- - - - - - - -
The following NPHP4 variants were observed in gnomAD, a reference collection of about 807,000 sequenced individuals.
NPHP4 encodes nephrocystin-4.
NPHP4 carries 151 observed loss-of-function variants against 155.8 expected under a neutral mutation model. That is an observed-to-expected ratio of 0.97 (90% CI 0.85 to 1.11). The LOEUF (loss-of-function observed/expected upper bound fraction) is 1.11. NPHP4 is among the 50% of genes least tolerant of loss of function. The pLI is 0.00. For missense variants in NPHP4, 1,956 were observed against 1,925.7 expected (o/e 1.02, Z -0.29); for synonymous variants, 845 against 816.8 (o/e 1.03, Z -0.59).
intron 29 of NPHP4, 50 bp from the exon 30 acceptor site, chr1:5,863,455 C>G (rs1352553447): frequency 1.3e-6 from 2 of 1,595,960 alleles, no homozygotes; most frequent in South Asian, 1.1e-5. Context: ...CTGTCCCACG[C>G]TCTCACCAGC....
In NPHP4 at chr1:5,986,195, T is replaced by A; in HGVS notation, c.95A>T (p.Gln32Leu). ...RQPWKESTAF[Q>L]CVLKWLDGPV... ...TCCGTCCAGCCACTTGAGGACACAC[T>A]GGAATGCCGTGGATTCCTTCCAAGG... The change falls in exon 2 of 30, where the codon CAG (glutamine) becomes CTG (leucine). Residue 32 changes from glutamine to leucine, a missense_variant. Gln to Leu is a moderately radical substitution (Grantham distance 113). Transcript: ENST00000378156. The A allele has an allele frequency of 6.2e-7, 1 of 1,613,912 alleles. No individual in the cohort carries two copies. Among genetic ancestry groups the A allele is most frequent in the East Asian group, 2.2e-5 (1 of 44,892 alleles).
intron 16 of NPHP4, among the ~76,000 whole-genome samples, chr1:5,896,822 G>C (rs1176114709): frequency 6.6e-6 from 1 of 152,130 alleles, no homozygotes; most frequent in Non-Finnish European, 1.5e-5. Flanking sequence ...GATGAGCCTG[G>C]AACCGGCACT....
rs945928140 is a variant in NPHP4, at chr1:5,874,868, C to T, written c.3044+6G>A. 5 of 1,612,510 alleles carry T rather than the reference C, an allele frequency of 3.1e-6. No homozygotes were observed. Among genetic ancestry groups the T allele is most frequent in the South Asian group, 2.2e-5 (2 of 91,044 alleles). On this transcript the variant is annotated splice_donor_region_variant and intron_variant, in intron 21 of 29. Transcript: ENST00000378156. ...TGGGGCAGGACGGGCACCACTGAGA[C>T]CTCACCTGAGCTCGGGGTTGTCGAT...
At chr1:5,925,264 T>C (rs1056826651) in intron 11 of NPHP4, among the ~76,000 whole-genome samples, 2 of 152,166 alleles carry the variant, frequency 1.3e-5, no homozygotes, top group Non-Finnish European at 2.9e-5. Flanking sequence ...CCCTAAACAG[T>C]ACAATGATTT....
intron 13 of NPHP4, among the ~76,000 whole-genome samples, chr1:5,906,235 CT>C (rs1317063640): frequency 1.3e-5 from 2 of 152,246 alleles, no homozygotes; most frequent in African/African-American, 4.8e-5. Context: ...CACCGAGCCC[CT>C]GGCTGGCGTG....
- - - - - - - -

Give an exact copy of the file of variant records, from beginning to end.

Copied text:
The following NPHP4 variants were observed in gnomAD, a reference collection of about 807,000 sequenced individuals.
NPHP4 encodes nephrocystin-4.
NPHP4 carries 151 observed loss-of-function variants against 155.8 expected under a neutral mutation model. That is an observed-to-expected ratio of 0.97 (90% CI 0.85 to 1.11). The LOEUF (loss-of-function observed/expected upper bound fraction) is 1.11. NPHP4 is among the 50% of genes least tolerant of loss of function. The pLI is 0.00. For missense variants in NPHP4, 1,956 were observed against 1,925.7 expected (o/e 1.02, Z -0.29); for synonymous variants, 845 against 816.8 (o/e 1.03, Z -0.59).
intron 29 of NPHP4, 50 bp from the exon 30 acceptor site, chr1:5,863,455 C>G (rs1352553447): frequency 1.3e-6 from 2 of 1,595,960 alleles, no homozygotes; most frequent in South Asian, 1.1e-5. Context: ...CTGTCCCACG[C>G]TCTCACCAGC....
In NPHP4 at chr1:5,986,195, T is replaced by A; in HGVS notation, c.95A>T (p.Gln32Leu). ...RQPWKESTAF[Q>L]CVLKWLDGPV... ...TCCGTCCAGCCACTTGAGGACACAC[T>A]GGAATGCCGTGGATTCCTTCCAAGG... The change falls in exon 2 of 30, where the codon CAG (glutamine) becomes CTG (leucine). Residue 32 changes from glutamine to leucine, a missense_variant. Gln to Leu is a moderately radical substitution (Grantham distance 113). Transcript: ENST00000378156. The A allele has an allele frequency of 6.2e-7, 1 of 1,613,912 alleles. No individual in the cohort carries two copies. Among genetic ancestry groups the A allele is most frequent in the East Asian group, 2.2e-5 (1 of 44,892 alleles).
intron 16 of NPHP4, among the ~76,000 whole-genome samples, chr1:5,896,822 G>C (rs1176114709): frequency 6.6e-6 from 1 of 152,130 alleles, no homozygotes; most frequent in Non-Finnish European, 1.5e-5. Flanking sequence ...GATGAGCCTG[G>C]AACCGGCACT....
rs945928140 is a variant in NPHP4, at chr1:5,874,868, C to T, written c.3044+6G>A. 5 of 1,612,510 alleles carry T rather than the reference C, an allele frequency of 3.1e-6. No homozygotes were observed. Among genetic ancestry groups the T allele is most frequent in the South Asian group, 2.2e-5 (2 of 91,044 alleles). On this transcript the variant is annotated splice_donor_region_variant and intron_variant, in intron 21 of 29. Transcript: ENST00000378156. ...TGGGGCAGGACGGGCACCACTGAGA[C>T]CTCACCTGAGCTCGGGGTTGTCGAT...
At chr1:5,925,264 T>C (rs1056826651) in intron 11 of NPHP4, among the ~76,000 whole-genome samples, 2 of 152,166 alleles carry the variant, frequency 1.3e-5, no homozygotes, top group Non-Finnish European at 2.9e-5. Flanking sequence ...CCCTAAACAG[T>C]ACAATGATTT....
intron 13 of NPHP4, among the ~76,000 whole-genome samples, chr1:5,906,235 CT>C (rs1317063640): frequency 1.3e-5 from 2 of 152,246 alleles, no homozygotes; most frequent in African/African-American, 4.8e-5. Context: ...CACCGAGCCC[CT>C]GGCTGGCGTG....